How to Improve Website Accessibility & Increase Discoverability

By: Krista LaRiviere on July 18, 2014 Categories: Mintent, SEO

Have you ever found yourself struggling over the fine details of making your website optimized for search engines? You may be encouraged by the fact that many of your efforts are also making your website accessible for prospects, customers, employees and/or potential investors with vision impairments or other disabilities.

You may have heard about Web Content Accessibility Guidelines (WCAG 2.0) or in Ontario, Canada the Accessibility for Ontarians with Disability Act. (AODA). Many of the things that you need to do to comply with AODA also will help you with SEO values including:

  • Alt tags on images that have contextual importance to your site. Alt tags are read by screen readers and
  • Quality site code and internal linking that is logical and helps indexing spiders and users that have challenges using traditional pointing devices.
  • Post, page and social media content which is well written, is made up of short paragraphs and language that is conversational
  • Page URL’s, headings and titles that are easy to read and website text/background text makes content easily readable.
  • Responsive websites that can be viewed on a variety of devices
  • Describe links with context instead of just “click here”
  • Offer video/audio content and, if possible have text transcripts of the A/V content
  • Have pages that can be navigated with a keyboard, offer font size controls and/or zoom capabilities


If you would like a secure, fast way to check whether or not your site is AODA/WCAG compliant, the Business Development Bank of Canada (BDC) has a free, comprehensive analysis tool for AODA compliance as well as other criteria directly related to web presence optimization including social media integration,website “freshness” and are backlinked from trusted, ethical sites with diverse anchor text.

Investment of time, money, and energy into SEO and a fresh, modern web presence pays off in more ways than discoverability. Such as:

  • Having a website that is easily readable can pay off.  Often contrast and visual flexibility resonates in industries such as healthcare, pharmaceuticals and financial services where websites provide a great deal of detail, and often serve an aging population.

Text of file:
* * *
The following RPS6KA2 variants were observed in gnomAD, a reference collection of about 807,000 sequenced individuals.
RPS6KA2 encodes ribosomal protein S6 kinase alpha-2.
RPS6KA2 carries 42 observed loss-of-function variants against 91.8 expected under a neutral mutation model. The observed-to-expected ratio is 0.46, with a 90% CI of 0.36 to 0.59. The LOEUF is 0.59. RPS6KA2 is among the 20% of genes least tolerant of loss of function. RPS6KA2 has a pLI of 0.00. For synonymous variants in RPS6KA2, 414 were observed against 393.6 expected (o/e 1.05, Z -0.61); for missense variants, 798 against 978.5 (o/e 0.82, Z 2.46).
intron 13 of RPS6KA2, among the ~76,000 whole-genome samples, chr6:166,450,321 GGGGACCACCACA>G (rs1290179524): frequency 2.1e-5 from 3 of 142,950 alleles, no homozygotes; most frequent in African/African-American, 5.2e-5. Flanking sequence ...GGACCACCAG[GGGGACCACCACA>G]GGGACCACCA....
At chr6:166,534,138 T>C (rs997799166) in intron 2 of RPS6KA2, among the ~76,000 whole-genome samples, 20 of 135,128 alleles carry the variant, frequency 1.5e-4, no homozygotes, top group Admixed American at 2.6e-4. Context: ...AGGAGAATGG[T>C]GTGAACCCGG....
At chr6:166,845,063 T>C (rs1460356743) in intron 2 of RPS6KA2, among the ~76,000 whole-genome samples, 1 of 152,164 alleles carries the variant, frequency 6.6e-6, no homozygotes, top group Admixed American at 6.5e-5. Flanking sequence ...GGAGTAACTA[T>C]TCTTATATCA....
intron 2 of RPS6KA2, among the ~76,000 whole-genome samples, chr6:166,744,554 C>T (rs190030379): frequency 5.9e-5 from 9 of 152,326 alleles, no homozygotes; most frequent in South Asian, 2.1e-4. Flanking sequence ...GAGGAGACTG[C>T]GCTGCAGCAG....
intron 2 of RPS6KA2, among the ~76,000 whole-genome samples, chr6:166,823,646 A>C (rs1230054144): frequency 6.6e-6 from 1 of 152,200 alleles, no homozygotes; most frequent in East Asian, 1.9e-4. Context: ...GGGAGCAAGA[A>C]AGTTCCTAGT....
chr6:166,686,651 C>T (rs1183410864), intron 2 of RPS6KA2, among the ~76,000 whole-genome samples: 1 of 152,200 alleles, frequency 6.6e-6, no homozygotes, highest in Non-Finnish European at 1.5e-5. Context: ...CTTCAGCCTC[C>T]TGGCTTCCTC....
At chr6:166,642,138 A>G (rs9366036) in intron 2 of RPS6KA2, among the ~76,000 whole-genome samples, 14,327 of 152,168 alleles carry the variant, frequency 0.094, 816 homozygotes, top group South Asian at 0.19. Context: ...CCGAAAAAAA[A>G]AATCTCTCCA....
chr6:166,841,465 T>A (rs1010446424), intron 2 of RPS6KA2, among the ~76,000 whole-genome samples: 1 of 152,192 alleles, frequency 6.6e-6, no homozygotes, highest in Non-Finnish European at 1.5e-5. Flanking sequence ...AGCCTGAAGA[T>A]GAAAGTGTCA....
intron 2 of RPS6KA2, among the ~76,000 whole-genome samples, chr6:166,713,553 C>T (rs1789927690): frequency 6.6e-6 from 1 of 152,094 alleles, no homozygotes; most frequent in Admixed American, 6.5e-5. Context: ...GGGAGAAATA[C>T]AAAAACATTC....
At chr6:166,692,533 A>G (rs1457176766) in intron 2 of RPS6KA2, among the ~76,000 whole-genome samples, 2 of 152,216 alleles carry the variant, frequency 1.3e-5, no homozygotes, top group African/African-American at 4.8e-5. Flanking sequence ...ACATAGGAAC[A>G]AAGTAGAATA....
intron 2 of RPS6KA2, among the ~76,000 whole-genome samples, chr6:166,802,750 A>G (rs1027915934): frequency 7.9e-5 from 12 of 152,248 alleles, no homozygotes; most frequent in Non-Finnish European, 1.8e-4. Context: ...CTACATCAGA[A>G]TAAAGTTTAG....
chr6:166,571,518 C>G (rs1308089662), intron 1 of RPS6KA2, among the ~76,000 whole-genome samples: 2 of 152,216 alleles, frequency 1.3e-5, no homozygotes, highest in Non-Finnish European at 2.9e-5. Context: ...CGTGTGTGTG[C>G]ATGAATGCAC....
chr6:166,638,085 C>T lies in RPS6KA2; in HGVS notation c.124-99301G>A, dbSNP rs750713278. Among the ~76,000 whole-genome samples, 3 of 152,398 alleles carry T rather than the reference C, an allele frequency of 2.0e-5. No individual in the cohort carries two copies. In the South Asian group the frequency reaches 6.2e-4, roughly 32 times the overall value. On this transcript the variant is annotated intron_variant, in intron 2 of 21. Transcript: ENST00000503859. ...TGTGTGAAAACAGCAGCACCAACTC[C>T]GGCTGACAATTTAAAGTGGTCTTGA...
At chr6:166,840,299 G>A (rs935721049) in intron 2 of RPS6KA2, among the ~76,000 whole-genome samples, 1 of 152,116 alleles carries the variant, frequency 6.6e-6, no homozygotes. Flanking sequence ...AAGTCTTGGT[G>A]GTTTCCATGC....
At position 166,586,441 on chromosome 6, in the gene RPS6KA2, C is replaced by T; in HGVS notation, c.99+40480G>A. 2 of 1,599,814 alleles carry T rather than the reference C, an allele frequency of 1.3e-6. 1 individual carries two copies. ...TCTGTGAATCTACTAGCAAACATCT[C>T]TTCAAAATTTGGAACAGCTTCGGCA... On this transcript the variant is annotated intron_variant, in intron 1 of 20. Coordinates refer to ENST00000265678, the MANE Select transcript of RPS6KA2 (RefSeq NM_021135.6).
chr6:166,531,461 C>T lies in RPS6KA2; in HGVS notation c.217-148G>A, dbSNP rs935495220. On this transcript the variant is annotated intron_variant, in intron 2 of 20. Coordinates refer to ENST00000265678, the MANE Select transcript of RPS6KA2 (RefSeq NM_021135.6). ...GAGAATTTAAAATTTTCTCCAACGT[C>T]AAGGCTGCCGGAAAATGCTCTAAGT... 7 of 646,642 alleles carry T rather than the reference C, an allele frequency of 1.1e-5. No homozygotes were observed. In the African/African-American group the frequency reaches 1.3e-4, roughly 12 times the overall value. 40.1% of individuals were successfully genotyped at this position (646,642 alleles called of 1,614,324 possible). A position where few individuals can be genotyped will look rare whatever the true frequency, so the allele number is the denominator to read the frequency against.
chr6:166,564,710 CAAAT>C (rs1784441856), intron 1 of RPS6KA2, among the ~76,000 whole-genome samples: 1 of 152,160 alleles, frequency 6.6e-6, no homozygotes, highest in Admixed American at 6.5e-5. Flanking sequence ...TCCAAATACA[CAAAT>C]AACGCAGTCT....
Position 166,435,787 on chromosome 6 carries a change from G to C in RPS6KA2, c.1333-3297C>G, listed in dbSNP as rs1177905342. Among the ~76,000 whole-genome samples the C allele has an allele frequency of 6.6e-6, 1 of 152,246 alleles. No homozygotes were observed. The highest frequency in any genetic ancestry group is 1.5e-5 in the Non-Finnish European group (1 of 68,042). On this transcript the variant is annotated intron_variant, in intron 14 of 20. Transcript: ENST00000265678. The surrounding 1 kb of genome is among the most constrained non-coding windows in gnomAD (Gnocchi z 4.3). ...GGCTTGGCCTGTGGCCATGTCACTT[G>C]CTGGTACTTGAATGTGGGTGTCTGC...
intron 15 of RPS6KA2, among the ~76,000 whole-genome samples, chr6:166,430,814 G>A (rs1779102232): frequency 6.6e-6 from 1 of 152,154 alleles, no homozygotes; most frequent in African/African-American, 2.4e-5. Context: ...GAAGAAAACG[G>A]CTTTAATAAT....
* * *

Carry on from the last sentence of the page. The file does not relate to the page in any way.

• Writing content which is free of jargon and shows your domain expertise in a way that is easily understood helps to make your content share worthy and develops your online authority and reputation.
  • YouTube videos, audio and media such as infographics serve a variety of audiences. They are popular with millennials, the elderly and most digital enthusiasts. They are also highly share-able and have high SEO value.
  • Websites with simple navigation and sound link structure are good for people that need specialized pointing devices, and search engine indexing bots like them too.
  • Popular content management software platforms like WordPress offer structure and function for alt text and meta descriptions and image support that are WCAG 2.0 and AODA compliant. Websites supporting multiple browser platforms, are responsive or support form assisting functions are not only helpful to those with no physical/mental challenges but also those who require assistive devices and software to consume web content.


In Ontario, individuals and businesses can be fined between fifty to one-hundred thousand dollars per day for non-compliance. There are other countries and regions that levy fines or are considering doing so for non-compliance to WCAG 2.0 or related regulations such as Section 508 in the United States. By adopting tools that provide analysis of these factors, impacting both SEO and regulatory standards/legislation; businesses can increase the return on investment in your content marketing efforts over the long term.